“My problem is that I was declared dead,” says Jeanne Pouchain.
It may seem incredible, but that is exactly what happened to this 58-year-old Frenchwoman, who lives near Lyon.
As a result, their identity and driver’s licenses are no longer valid, their social security number has been canceled and their health insurance has been terminated.
“I’m dead. I’m dead for the courts, for government agencies, I’m dead for everyone.”
She told in a recent interview with a TV show that she never leaves home because she doesn’t know what could happen if she was arrested or had any other problems.
“My husband does the shopping. I don’t dare drive like I used to. I wake up in the morning and I can’t wait for the day to end.”
This is not a recent problem – Jeanne has been officially dead for three years.
Dead or alive?
Finding out that she was no longer legally alive was, as you can imagine, a shock.
“I found out through a trial at the Lyon Court of Appeal,” said Jeanne. “The bailiffs came and told me about the ‘deceased’ Jeanne Pouchain.”
Court officials had two letters, one for the husband and one for the son. “Reading these documents, I realized that, in fact, I was dead.”
The problems started for Jeanne when she was sued by a former employee of a cleaning company she ran and sought compensation for losing her job nearly 20 years ago.
The case went through the French legal system for years, until a Lyon court ruled in 2017 that compensation would have to be paid, but the manager of the cleaning company had already passed away.
Jeanne says she never received a subpoena to attend the hearing and was therefore unable to challenge the financial settlement or her new status as a deceased person.
As a result, she not only remained legally dead, but her husband and son were instructed to pay R $ 124,000 to the former employee.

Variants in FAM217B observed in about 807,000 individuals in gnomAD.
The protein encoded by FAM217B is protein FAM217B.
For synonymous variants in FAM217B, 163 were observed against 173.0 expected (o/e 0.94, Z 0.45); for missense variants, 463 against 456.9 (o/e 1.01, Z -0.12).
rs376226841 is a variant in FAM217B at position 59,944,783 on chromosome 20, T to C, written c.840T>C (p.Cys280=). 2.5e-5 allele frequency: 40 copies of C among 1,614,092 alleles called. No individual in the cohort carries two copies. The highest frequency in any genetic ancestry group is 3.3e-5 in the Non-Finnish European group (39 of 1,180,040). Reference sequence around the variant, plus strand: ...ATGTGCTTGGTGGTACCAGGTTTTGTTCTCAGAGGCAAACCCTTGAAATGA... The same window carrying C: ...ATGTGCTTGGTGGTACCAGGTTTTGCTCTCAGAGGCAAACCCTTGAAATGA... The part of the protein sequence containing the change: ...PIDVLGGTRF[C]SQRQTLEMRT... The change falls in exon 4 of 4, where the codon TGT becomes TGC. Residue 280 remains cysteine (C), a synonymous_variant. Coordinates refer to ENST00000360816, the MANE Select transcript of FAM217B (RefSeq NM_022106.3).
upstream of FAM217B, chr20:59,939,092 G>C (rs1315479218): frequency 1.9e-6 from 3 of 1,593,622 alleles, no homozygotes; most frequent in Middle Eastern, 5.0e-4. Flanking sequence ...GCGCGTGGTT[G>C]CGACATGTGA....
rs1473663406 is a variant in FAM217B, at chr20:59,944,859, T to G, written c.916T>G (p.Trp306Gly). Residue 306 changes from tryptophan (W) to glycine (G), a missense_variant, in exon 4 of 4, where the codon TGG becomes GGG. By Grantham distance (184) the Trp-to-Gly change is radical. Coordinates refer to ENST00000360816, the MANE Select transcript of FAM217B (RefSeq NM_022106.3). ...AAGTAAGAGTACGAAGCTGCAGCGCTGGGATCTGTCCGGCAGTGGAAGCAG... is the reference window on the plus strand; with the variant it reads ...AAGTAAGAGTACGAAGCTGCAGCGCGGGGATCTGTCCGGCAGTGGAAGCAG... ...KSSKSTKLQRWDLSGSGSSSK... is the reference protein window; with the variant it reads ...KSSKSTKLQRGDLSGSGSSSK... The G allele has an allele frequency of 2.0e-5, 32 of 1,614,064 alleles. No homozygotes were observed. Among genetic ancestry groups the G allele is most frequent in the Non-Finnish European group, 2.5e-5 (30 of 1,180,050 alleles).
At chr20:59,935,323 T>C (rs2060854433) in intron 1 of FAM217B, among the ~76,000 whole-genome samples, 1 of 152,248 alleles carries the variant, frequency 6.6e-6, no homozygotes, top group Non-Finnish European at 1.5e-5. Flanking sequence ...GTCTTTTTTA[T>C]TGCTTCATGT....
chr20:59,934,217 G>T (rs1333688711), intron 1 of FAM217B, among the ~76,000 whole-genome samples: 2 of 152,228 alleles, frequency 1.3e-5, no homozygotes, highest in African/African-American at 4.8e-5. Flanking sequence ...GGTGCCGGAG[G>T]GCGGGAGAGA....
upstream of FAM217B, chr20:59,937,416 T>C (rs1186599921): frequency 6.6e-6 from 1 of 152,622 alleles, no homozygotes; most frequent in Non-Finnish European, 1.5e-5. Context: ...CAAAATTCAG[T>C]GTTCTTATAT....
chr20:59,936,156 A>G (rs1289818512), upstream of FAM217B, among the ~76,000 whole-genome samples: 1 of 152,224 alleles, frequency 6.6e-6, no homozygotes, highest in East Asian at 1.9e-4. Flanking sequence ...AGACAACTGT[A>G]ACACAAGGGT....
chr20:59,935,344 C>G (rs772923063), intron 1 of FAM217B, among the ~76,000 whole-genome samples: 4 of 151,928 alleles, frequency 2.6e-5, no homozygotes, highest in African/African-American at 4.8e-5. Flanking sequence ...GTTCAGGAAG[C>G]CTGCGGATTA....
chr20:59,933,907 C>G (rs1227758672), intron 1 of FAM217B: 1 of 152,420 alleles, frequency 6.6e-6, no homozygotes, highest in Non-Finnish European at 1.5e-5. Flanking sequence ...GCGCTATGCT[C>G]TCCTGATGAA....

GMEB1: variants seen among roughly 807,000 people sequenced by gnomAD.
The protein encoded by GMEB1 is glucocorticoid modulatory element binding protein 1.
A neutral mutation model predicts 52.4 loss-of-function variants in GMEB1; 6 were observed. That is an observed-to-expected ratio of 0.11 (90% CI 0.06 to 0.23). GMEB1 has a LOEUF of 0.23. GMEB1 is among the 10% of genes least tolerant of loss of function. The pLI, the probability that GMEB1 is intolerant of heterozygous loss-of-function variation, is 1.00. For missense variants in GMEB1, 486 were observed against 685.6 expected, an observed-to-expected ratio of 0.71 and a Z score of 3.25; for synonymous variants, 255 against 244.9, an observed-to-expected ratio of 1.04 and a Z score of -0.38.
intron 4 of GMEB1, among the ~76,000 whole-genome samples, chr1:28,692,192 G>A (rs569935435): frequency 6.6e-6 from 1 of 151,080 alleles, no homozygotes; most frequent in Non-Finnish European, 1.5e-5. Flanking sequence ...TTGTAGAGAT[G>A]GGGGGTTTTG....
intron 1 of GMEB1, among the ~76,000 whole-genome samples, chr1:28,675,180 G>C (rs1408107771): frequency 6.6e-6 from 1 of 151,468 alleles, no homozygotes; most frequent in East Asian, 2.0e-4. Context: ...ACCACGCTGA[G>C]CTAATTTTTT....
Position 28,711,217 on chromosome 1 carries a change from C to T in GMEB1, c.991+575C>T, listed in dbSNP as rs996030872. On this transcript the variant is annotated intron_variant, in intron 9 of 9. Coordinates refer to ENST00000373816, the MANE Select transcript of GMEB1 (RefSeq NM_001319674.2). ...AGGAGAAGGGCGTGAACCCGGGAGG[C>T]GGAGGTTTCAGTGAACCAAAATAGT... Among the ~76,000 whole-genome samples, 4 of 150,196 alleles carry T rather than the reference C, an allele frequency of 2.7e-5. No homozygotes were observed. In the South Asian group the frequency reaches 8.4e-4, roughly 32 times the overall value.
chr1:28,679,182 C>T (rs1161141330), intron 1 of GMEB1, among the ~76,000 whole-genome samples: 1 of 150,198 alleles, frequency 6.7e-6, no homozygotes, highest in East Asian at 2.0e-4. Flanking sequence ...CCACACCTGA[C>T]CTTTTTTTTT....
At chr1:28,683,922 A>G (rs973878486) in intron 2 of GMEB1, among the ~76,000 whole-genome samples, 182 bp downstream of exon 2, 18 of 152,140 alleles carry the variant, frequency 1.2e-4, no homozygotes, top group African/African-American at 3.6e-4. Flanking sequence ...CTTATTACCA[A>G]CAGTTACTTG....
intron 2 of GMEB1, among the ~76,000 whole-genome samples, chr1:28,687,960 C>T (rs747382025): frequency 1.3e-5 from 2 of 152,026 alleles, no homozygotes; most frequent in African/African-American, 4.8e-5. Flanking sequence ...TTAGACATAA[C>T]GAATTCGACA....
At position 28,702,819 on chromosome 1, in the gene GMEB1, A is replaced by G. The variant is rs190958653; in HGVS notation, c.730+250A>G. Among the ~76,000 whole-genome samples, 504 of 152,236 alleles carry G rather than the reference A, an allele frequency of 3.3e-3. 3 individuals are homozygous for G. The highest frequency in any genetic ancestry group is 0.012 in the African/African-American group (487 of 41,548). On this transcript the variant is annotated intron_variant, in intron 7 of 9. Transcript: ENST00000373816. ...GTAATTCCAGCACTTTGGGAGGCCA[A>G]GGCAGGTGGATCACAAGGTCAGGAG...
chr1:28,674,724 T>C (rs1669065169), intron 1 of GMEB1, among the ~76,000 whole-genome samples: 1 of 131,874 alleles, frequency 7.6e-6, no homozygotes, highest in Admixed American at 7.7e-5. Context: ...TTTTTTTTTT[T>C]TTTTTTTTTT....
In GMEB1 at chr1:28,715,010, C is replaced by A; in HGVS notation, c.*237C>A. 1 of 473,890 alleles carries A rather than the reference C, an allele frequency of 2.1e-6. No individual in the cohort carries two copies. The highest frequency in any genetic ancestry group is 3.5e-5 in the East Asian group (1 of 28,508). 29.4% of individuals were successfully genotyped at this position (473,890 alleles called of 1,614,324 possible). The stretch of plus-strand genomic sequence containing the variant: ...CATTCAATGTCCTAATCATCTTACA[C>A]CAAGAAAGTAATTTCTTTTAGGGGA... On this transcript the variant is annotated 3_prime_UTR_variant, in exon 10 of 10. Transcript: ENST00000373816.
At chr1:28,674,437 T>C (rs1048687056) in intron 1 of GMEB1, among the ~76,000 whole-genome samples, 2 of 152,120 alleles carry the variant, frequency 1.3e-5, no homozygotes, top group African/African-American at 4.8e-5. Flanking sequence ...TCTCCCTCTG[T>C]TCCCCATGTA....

The effects of the verdict turned out to be more than just financial. “I stopped going out, I stay at home as much as possible. When someone rings the doorbell, I hide because I’m afraid. I don’t know what other bad news will come.”
You only live twice
More than three years later, Jeanne is still trying to persuade the French administrative system to legally resuscitate her.
“I want the state to give me back my identity. I want to have my life back, my family back, my husband, my son, my social circle.”
Jeanne’s lawyer needs to prove the nullity of the court document by declaring that she is dead in order to overturn the previous verdict that described her as deceased.
“The most important thing is to prove that I am alive, to prove that I exist,” she says.
No one knows exactly how the problem came about.
Jeanne’s lawyer, Sylvain Cormier, in statements to the AFP news agency, said that “the former employee said she was dead, without providing any evidence, and everyone believed it”.
“No one checked,” added Cormier.
The former employee did not speak publicly, nor was she even identified, but her lawyer accuses Jeanne of being involved in her own death.
They claim she played dead to try to avoid litigation, including refusing to respond to court letters. Both sides contest the version of the facts presented by the other party.
Whoever is speaking the truth, one thing is clear: Jeanne is not dead.
She received some positive news. A government agency said it no longer identified her as dead, but neither did she classify her as alive.
“I’m being reborn,” says Jeanne.
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